Mediocrity reigns when away

I spend a lot of eating time away from the kitchen and always wonder, “could I do better?”. Have to say the answer’s often a grumpy “Yes” and today was no exception.
Marooned in Taunton’s Holiday Inn – on the same car/park industrial/shopping/estate on the edge of the town as the Express by Holiday Inn – I had a least enjoyed the excellent pool. There didn’t seem much prospect of eating anywhere that wasn’t a taxi ride away, and I have had not bad experiences at other HI’s including Bradford and Calais (well, I know it’s in France ….).
At least the blackboard of ‘specials’ suggested that some of it wouldn’t be boil in a bag, head office designed cooking. Wrong.
Ok, I chose ‘rough pate’ thinking no one can muck that up, and rough at least means it won’t be ‘Brussels Smooth and Pink’. Wrong. The three kinds of bread were interesting, but fridge cold. Butter, when provided, practically frozen. And the pate, well cold, tasteless and yes, Pink.
My chalky, handwritten special was described as “Whitby Scampi in a sweet and sour sauce on a bed of fragrant rice”. Now that sounds like a delicate enough thing, fresh pieces of scampi in a spicyish sauce with rice and a side salad.
Now imagine: a microwaved pile of rice that lost its aromatic qualities – if it ever had any – some time earlier; a pile of breadcrumbed fishy pieces of doubtful provenance – Whitby, not likely – deep fried to an inch of their existence; an even larger pile, a monstrous pile, of previously frozen peas; a tiny dish of sweet and sour sauce that had been zapped. And a typically thrown together side salad of wet lettuce, cold peppers and onions.
What’s to complain about? It was what it said – just. Each item was edible – just. It filled a hole – just.
So it didn’t meet my expectation, who’s fault’s that? Mine I suppose for imagining that £20 bought you a decent meal, not one that was just ……..


Eating on the run, never great …

When travelling, days can go by on grabbed sandwiches and indifferent meals out. Monday was to be a case with end-to-end meetings and the last session finishing at 9.30 pm in Worcester – so a stay over needed.
I got a head start with the food, being warned there would be nothing from when I left till bedtime, by taking a brown baguette stuffed with home-made pate (see earlier). This was eaten greedily and in haste after quickly booking in to the Travelodge in the centre of the town. (For those in need ok – big rooms, dull, dull, dull, mine had great view of the Malverns over a forest of air conditioning units for the local shops. Expensive parking.)
Next door there is a Pizza Express open ‘till 11 pm, so look no further. I’ll skip the detail ‘cos here’s a more than detailed review of someone else there recently. For me it was too small, too bland – and that was the Diavolo! – and the only atmosphere that provided by well-oiled take awayers. The staff were efficient and charming.
No, the best pizza we’ve had in a long time was in Mali Velinj in Croatia: sitting on the side of the harbour, fish at our feet, literally. The dough was so good they sold it plain to eat with olive oil. The fish topping … well it hadn’t been dead long. They do take outs …..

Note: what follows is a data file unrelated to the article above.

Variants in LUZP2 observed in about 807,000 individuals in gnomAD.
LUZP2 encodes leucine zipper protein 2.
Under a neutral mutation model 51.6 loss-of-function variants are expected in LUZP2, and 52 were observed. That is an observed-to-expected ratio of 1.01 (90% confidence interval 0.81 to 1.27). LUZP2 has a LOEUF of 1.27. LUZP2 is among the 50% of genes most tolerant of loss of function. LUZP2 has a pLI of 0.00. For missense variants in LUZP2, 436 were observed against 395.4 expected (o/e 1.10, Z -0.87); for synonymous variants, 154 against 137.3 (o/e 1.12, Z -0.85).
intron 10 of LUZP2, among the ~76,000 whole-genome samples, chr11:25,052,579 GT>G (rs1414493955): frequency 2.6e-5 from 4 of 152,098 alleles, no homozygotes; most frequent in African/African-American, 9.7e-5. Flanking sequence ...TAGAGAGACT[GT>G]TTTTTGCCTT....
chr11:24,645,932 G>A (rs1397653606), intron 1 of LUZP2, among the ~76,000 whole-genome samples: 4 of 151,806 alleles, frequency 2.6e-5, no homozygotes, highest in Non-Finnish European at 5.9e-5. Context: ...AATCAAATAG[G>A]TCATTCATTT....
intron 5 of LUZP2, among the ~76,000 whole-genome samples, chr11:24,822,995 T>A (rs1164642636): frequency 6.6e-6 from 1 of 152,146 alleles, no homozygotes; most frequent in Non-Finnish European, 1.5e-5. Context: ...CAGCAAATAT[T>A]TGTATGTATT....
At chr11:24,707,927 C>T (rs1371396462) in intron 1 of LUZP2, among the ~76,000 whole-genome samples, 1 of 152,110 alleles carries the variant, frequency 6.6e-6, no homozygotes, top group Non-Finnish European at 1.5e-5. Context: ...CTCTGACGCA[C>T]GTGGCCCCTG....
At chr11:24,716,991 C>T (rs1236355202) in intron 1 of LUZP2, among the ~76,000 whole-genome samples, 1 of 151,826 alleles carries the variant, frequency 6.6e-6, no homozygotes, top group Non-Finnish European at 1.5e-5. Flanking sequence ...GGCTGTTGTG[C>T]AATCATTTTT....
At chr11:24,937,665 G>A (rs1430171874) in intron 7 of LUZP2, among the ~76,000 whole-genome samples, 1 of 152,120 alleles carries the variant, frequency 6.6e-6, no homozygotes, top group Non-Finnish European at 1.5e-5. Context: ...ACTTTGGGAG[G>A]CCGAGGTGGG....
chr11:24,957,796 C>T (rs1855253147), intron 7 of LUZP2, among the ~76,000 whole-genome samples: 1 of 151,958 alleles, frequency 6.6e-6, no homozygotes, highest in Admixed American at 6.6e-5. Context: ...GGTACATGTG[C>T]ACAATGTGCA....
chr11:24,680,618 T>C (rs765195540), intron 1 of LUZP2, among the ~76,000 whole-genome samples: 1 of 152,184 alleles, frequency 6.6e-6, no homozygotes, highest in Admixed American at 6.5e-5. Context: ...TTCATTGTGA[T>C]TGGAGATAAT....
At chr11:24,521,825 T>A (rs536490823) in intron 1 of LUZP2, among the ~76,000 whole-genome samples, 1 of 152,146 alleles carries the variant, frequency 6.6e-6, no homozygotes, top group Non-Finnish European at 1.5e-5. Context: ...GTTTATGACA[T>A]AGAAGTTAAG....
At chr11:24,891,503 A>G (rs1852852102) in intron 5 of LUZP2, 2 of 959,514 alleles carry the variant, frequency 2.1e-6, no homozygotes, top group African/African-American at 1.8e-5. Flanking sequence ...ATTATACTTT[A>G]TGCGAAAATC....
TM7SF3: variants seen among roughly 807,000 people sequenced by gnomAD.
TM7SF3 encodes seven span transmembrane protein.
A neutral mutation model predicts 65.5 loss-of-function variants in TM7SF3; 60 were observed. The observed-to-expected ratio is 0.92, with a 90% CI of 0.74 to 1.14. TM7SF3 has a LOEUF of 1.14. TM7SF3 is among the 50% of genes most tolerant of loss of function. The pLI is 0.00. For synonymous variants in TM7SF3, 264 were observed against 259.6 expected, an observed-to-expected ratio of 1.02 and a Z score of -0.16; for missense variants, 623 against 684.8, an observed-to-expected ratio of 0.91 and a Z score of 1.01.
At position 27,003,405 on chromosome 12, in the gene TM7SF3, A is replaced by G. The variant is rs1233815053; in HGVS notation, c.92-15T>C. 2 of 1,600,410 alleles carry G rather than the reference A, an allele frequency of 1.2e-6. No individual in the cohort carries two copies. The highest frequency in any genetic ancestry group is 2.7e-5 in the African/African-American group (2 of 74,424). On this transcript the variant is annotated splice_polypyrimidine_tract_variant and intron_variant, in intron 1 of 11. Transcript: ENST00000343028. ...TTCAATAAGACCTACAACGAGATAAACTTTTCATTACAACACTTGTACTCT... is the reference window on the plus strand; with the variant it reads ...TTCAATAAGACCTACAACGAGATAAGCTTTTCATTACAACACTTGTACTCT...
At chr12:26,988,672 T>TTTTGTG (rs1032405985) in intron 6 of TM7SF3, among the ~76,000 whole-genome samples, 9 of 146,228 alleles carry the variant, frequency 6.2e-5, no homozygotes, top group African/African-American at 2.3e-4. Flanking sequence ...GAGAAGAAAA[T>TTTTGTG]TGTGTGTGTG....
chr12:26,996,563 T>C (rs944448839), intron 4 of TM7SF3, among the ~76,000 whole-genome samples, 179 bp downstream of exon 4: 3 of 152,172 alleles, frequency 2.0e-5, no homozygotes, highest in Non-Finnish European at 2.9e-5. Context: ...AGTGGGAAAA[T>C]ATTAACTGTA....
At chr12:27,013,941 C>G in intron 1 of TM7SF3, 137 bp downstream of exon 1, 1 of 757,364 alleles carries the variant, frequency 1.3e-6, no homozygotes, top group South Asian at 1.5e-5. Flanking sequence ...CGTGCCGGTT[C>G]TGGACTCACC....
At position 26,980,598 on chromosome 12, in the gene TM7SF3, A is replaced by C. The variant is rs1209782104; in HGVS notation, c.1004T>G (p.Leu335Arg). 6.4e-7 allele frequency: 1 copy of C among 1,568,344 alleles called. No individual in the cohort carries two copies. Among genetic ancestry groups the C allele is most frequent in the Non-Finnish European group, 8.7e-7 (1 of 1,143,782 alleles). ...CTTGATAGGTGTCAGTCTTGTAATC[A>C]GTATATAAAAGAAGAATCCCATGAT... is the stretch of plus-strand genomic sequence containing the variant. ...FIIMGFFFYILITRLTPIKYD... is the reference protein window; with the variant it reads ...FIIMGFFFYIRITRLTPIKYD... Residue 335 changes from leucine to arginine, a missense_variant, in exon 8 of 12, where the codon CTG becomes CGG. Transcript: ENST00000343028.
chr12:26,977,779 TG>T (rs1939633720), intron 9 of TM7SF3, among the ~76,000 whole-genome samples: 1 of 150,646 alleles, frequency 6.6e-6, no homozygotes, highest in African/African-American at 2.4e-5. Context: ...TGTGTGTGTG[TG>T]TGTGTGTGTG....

At home we’ve settled on Jamie Oliver’s recipe for dough that includes semolina – not flour, the real thing. And a very fine crust it produces. More difficult to adopt his Italian, more is less approach: we’re in the British school of the more the better. Both view points worth exploring by trial and error.

Eating in Brussels classical style

Those who know me, know that I like food. I had always intended to keep a food log – but in its absence (do I hear a sigh of relief out there?) I will at least review some of the meals I’ve had. Being in Brussels means there’s lots of choice to eat and as usual on a RIMSAT review visit the happy team went out together. This time it was the ultra elegant L’Alban Chambon Restaurant that is part of the Hotel Metropole.

The high ceilinged room, morning-suited staff and huge and elegantly set out table should have been a clue or three: this is French/Belgian classical approach to food. Our printed RIMSAT menu promised four courses – with a choice in the middle. But first, a plate of three amuses: an anchovy curled on a tomato resting on a caviar sauce; a tiny quennelle of white crab meat (where did all the brown meat go?); and a perfect miniature tureen of tomato cream. Three big hits of taste and we hadn’t really started.

The fish course was a terrine of sea bass and baby leeks wrapped in more leeks, the whole resting on a jus of  vegetable/leek stock and fromage frais topped with more deep fried leek ribbons. It was delicate and served in a most generous, main course sized portion. Next choices: soupe de poissons de roch with croutons and rouille (mine) or gigantic trees of white asparagus with sauce mousseline. The soup was no petite tureen this time – a hungry person sized plateful. Getting full.

The main course meant the death of several small piglets – or conchon de lait as they are called here abouts. A fist sized loin complete with its crackling and a bed of courgettes. All accompanied by a little (relative word at this point) dish of haricots. The suckling pig was perfectly cooked, plainly delivered so that the meat’s taste could come through. I just managed ….

Then the pudding: a carpaccio of pineapple and roasted figs with a sorbet of limes. Knockout tastes. Defeated after half. I managed a few sips of chamomile tea. The others told me the coffee and sweeties were v good.

So another RIMSAT review survived, another exceptional dinner. (Don’t get the idea that all this European gallivanting is fun – only the meals relieve the grinding work. That’s my story.) This meal was proof for me that classic traditions, carefully updated can still deliver powerful food. Big tastes, big portions, big surroundings. Big result. Dominique Michou and his team deserve their toques.